Scenes from the 1967 film of Thomas Hardy’s novel ‘Far From the Madding Crowd’ were filmed at Durdle Door, and in 1997 it was used as a location for the film ‘Wilde’ starring Stephen Fry.
The promotional video for Cliff Richards’ 1990 hit ‘Saviour’s Day’was shot here, which saw Cliff singing both down on the beach and on the clifftop. Later, Tears for Fears shot parts of their video to promote ‘Shout’ at the iconic arch.
Villa La Rotunda Vincenza
Villa La Rotonda is a Renaissance villa just outside Vicenza in northern Italy, and was designed by Andrea Palladio. The proper name is Villa Almerico Capra, but it is also known as La Rotonda and Villa Rotonda. The name “Capra” derives from the Capra brothers, who completed the building after it was ceded to them in 1592. Along with other works by Palladio, the building is conserved as part of the World Heritage Site “City of Vicenza and the Palladian Villas of the Veneto”.
The name Rotonda (round), derives from its plan, a perfect circle inside a square, forming a fully symmetrical composition, with a traditional temple gate in front of each facade. The Villa is seen as being the jewel in all of Palladio’s designs.
The Abu Simbel temples are two massive rock temples at Abu Simbel (أبو سمبل in Arabic), a village in Nubia, southern Egypt, near the border with Sudan. They are situated on the western bank of Lake Nasser, about 230 km southwest of Aswan. The complex is part of the UNESCO World Heritage Site known as the “Nubian Monuments,”which run from Abu Simbel downriver to Philae (near Aswan). The twin temples were originally carved out of the mountainside during the reign of Pharaoh Ramesses II in the 13th century BC, as a lasting monument to himself and his queen Nefertari, to commemorate his victory at the Battle of Kadesh.
The complex was relocated in its entirety in 1968, on an artificial hill made from a domed structure, high above the Aswan High Dam reservoir. The relocation of the temples was necessary to avoid their being submerged during the creation of Lake Nasser, the massive artificial water reservoir formed after the building of the Aswan High Dam on the Nile River.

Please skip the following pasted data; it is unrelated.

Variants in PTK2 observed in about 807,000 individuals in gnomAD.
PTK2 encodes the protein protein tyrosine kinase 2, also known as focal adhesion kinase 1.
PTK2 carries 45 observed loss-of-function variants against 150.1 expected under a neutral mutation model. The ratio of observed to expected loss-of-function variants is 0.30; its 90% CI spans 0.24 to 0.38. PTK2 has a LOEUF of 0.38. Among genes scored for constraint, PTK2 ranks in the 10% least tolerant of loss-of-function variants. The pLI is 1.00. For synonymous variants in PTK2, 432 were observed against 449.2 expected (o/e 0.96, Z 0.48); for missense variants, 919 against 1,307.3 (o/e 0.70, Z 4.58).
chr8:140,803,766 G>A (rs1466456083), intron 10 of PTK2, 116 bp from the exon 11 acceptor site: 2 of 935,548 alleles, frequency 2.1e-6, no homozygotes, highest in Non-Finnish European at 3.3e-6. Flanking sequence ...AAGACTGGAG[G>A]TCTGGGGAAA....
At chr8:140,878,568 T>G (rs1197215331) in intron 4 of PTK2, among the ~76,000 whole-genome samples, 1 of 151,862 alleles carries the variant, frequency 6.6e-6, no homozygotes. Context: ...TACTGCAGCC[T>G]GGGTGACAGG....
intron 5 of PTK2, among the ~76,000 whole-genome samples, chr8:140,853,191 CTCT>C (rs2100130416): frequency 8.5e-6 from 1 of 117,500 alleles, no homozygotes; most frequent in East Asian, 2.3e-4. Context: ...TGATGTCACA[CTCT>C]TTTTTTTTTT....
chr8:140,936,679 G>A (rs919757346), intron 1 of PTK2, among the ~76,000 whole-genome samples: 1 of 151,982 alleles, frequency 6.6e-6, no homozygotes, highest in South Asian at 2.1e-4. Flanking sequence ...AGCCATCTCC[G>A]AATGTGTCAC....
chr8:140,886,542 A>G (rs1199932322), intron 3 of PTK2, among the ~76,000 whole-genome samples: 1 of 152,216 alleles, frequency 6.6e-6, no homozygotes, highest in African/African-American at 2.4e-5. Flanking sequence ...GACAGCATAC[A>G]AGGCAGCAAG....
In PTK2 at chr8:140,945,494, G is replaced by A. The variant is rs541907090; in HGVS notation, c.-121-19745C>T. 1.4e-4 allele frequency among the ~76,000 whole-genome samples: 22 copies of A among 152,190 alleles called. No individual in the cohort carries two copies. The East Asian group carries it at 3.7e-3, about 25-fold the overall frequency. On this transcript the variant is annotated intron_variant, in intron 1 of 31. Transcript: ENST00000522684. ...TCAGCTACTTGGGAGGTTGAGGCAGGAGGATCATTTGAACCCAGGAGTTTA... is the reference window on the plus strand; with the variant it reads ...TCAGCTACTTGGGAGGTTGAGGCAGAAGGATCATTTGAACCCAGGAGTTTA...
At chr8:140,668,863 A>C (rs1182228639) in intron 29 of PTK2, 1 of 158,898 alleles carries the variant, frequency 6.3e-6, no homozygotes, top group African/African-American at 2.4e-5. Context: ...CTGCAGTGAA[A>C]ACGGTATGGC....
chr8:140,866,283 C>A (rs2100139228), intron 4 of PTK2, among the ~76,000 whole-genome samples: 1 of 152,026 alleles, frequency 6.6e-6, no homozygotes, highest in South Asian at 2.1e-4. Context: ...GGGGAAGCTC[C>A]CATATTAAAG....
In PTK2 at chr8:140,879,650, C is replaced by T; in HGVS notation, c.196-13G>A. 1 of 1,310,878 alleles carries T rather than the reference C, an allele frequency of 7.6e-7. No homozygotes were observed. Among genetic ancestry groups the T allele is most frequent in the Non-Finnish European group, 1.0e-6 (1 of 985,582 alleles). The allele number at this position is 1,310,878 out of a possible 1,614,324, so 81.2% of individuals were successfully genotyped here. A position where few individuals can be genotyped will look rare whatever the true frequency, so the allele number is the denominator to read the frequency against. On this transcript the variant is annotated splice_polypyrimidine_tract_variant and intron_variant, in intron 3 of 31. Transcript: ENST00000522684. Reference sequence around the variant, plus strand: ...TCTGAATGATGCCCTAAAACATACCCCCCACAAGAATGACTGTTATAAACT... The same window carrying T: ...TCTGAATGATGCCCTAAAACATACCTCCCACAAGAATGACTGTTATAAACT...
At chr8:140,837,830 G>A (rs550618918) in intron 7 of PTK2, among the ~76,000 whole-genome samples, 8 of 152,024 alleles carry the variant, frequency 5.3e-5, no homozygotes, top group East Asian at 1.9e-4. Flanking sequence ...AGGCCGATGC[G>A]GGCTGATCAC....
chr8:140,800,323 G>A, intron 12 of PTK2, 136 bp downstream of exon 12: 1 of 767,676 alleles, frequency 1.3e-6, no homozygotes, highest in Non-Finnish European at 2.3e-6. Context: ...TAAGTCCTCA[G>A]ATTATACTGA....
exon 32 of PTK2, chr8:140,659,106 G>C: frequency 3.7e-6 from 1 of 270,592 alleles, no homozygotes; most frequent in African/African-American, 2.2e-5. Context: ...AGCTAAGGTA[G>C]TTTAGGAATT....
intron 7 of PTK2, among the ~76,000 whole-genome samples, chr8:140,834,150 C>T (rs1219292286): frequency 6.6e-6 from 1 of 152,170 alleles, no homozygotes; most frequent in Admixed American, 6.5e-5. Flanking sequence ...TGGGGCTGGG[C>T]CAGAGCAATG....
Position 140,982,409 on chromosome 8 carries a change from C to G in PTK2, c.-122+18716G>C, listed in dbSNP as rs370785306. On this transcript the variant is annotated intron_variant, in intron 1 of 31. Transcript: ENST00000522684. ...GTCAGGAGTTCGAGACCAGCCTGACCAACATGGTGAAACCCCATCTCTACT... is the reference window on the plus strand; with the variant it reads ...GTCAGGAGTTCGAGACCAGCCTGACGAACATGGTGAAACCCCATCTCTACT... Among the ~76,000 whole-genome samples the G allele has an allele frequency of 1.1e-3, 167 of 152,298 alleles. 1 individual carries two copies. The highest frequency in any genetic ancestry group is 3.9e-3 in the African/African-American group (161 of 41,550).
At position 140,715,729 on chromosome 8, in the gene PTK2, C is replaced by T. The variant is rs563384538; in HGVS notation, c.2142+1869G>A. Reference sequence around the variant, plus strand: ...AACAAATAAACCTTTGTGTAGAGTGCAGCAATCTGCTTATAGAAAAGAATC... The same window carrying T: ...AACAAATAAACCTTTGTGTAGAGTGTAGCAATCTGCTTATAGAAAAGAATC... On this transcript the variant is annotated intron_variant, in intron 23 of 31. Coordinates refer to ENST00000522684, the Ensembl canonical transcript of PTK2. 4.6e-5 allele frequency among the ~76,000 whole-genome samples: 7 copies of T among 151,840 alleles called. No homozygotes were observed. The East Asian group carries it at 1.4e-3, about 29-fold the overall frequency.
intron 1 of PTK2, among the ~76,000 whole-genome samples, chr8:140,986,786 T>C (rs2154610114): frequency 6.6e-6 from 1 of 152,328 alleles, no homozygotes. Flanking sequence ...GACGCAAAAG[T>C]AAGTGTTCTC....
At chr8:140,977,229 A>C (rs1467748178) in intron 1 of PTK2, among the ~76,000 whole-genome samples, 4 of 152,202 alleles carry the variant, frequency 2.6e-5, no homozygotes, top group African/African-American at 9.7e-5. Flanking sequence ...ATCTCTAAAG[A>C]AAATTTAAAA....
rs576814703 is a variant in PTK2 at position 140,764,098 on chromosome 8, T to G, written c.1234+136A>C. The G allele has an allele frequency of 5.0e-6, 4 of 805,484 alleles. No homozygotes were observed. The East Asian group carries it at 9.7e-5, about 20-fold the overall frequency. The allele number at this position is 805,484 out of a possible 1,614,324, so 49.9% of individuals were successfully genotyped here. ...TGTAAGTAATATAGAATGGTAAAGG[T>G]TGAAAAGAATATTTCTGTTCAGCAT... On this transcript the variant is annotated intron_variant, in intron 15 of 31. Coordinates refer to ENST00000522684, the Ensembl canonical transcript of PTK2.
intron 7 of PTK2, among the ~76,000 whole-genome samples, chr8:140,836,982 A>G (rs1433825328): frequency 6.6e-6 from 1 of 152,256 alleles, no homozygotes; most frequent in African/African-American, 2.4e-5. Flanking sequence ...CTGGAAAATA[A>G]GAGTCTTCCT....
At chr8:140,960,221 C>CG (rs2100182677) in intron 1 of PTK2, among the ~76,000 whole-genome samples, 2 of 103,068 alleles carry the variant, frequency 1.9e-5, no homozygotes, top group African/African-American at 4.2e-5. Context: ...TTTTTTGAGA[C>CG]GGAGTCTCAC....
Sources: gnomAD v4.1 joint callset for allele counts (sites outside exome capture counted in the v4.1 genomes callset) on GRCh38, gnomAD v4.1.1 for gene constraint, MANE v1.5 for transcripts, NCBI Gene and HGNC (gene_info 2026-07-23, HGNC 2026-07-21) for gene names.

The Great Temple at Abu Simbel, which took about twenty years to build, was completed around year 24 of the reign of Ramesses the Great. It was dedicated to the gods Amun, Ra-Horakhty, and Ptah, as well as to the deified Rameses himself. It is generally considered the grandest and most beautiful of the temples commissioned during the reign of Rameses II, and one of the most beautiful in Egypt.
The eight-foot-tall sculpture of a boy holding a squirming frog by was commissioned to sit at the tip of the Punta della Dogana, between the Grand and the Guidecca canals in Venice. The work, by the California artist Charles Ray, was a much-loved landmark, photographed daily by scores of tourists. However, the city of Venice, vowed to local pressure to remove it and replace it with a reproduction of the 19th-century lamppost that formerly stood there.
While the sculpture had its fans, it also had detractors. Although classically inspired and seemingly in keeping with much of the city’s art and architecture, some local residents missed the lamppost, long a romantic meeting spot for loving couples!
François Pinault, the French luxury goods magnate and collector, commissioned Mr. Ray’s sculpture, made of white-painted stainless steel, after signing a 33-year-agreement with the city to transform the 17th-century Dogana, a former customs house, into an art museum filled with work from his vast collection. It opened in June 2009, on the eve of that year’s Venice Biennale.
Time Reflects Everlasting Expressions #9
Part of an ongoing series of abstract images of trees
Time Reflects Everlasting ExpressionS #6
Part of a series of abstract tree images
#trees #art #photography #abstract